The interpretation of what lies behind the factionalism that Paul addresses here in this opening section of 1 Corinthians is many and varied, one of the less plausible ones in my opinion is that of the Kephas group being aligned with the “Super-Apostles” of 2 Corinthians, that this group saw itself being positioned behind an elite apostle in opposition to Paul. But the nature of the “Super-Apostle” controversy in 2 Corinthians is typified rather by a love of Rhetoric and Triumphalism, that is the “Super-Apostles” are “Super” because their speech adheres to the trends and currents in Greek/Hellenistic persuasive speech, and that the signs of an apostle are to be found in victory. While the Apollos group is likely to find itself alongside the “Super-Apostle” group in their love for Hellenistic Rhetoric (Acts 18:24 introduces Apollos as eloquent which is thought to be gifted in the Rhetoric of the day) there is little evidence to suggest that Apollos, (or his group) would find themselves comfortable in the triumphalism of the “Super-Apostles” The lack of such a mention of the “Super-Apostle” group in 1 Corinthians would lead us to believe that between when Chloe’s people reported on the schism at Corinth and when Paul probably visited this group arose.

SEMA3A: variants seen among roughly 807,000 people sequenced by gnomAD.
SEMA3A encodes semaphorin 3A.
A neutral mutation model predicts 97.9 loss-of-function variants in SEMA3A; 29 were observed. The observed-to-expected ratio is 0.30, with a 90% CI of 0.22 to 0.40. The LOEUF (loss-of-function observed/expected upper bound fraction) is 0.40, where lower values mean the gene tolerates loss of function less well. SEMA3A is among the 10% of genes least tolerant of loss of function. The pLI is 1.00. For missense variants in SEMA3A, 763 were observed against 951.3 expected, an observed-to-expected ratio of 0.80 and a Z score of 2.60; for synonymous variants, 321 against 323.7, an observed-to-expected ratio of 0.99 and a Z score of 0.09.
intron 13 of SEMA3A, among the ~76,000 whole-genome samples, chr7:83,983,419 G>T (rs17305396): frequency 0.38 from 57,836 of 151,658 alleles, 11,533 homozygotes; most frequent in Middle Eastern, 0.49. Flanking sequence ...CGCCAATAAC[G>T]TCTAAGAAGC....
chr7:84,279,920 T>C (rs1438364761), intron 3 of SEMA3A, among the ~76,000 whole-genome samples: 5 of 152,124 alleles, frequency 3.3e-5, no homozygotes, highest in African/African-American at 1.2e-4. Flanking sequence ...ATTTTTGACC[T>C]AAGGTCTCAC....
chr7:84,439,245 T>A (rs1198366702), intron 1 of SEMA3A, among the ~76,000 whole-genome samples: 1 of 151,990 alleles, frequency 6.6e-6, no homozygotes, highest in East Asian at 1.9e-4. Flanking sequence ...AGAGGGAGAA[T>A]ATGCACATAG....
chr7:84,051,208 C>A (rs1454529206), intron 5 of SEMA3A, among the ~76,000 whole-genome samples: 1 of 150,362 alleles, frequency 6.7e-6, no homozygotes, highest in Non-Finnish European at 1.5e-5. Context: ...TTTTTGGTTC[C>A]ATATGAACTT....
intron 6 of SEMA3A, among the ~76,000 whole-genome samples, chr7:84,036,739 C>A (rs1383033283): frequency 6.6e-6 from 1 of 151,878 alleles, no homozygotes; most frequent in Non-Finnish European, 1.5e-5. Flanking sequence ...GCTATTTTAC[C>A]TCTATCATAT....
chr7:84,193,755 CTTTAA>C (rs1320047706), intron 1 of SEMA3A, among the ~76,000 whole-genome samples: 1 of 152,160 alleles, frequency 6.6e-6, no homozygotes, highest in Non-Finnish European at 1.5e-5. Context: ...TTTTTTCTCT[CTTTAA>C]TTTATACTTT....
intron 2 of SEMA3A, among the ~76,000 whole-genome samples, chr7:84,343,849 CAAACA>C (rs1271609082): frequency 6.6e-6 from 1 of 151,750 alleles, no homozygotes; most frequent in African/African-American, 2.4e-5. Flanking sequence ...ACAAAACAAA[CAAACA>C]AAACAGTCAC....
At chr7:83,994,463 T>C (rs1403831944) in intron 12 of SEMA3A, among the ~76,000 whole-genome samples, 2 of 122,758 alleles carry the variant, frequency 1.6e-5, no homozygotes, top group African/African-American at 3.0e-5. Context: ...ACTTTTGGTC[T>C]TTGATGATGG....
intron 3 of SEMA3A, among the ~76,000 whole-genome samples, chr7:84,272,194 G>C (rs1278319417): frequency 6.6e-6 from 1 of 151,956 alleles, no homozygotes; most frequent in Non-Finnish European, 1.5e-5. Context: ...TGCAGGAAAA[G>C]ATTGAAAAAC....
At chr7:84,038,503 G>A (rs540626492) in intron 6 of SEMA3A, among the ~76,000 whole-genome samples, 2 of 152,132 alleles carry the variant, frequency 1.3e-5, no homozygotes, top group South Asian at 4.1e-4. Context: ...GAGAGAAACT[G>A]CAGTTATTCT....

Paul’s main point as seen in this passage, however is not to dwell on the nature of the factions, factions are wrong, and divide Christ. The most common modern question that comes up in relation to this text is that of how do we understand denominationalism in light of this text? We separate ourselves on practice, and some other points of doctrine, and Paul later in this same letter says that some of these disagreements can be tolerated within the church. These days often theologians separate issues into three teirs; Those of primary, secondary, and tertiary importance, of primary importance is clearly the doctrines of the nature of God, and of how he has saved us, in second place come issues of practice; do we baptise infants, or believers, and then there are things which we can totally differ on such as “how often should we take communion” The words of Rupertus Meldenius seem rather poignant in connection with this;
“In Essentials Unity, In Non-Essentials Liberty, In All Things Charity”